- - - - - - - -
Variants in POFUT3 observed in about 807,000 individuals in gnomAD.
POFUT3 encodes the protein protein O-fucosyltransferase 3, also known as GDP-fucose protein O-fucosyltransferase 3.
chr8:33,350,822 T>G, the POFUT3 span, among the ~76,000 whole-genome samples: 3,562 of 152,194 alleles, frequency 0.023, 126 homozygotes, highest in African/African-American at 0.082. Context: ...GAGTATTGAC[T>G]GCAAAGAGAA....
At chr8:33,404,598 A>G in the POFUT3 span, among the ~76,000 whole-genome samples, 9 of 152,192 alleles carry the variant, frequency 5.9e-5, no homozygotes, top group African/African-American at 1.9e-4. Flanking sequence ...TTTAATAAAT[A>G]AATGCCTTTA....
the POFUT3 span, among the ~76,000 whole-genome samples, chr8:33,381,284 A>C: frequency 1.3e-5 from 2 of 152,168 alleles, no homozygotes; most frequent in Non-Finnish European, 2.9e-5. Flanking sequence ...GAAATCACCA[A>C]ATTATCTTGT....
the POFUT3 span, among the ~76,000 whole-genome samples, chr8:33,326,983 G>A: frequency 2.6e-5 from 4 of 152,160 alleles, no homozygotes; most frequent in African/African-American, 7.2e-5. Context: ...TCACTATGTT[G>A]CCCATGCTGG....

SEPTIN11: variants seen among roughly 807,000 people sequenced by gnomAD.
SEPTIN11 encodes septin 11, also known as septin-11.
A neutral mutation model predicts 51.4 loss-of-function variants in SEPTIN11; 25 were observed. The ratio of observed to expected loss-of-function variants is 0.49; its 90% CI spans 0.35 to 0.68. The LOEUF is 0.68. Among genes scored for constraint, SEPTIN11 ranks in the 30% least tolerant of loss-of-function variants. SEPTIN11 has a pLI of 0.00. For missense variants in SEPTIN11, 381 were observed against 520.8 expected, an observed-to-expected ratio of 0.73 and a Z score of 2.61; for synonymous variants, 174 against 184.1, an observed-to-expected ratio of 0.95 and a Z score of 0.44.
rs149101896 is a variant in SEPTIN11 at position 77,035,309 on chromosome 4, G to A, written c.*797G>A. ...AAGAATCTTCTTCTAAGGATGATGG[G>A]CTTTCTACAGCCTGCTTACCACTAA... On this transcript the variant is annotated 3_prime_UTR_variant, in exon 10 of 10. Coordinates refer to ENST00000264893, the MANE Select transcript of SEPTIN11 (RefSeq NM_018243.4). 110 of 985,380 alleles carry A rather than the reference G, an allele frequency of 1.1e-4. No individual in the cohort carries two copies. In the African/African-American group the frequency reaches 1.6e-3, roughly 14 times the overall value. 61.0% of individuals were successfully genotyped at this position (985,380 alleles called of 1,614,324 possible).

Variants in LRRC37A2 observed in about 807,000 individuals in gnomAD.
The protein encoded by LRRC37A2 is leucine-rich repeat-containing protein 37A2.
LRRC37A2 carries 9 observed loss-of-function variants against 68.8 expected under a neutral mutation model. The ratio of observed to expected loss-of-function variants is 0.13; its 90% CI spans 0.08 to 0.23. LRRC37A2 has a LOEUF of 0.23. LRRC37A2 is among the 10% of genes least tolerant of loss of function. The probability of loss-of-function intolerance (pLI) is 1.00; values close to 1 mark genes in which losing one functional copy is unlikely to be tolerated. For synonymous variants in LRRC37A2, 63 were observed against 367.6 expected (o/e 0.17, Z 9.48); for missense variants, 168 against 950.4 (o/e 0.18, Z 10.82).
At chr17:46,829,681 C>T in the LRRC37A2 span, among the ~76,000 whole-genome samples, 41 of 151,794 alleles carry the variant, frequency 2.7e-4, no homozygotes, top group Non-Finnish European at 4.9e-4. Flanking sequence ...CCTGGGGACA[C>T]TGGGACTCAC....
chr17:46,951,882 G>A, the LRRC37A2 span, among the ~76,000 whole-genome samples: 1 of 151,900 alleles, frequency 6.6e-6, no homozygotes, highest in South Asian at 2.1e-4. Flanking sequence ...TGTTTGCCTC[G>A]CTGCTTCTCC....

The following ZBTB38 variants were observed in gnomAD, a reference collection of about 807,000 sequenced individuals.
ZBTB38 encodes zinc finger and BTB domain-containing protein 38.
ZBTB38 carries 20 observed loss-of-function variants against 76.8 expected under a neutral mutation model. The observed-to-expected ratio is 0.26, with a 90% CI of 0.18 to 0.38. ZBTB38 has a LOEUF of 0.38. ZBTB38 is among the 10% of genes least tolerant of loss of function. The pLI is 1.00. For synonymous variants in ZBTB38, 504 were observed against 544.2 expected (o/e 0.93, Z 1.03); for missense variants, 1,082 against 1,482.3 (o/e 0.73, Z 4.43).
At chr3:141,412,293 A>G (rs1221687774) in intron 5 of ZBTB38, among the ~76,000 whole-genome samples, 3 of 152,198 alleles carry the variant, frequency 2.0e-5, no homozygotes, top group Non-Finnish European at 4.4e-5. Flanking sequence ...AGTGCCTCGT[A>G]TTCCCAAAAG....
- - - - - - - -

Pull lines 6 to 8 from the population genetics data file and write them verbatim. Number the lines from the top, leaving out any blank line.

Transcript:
the POFUT3 span, among the ~76,000 whole-genome samples, chr8:33,326,983 G>A: frequency 2.6e-5 from 4 of 152,160 alleles, no homozygotes; most frequent in African/African-American, 7.2e-5. Context: ...TCACTATGTT[G>A]CCCATGCTGG....

SEPTIN11: variants seen among roughly 807,000 people sequenced by gnomAD.
SEPTIN11 encodes septin 11, also known as septin-11.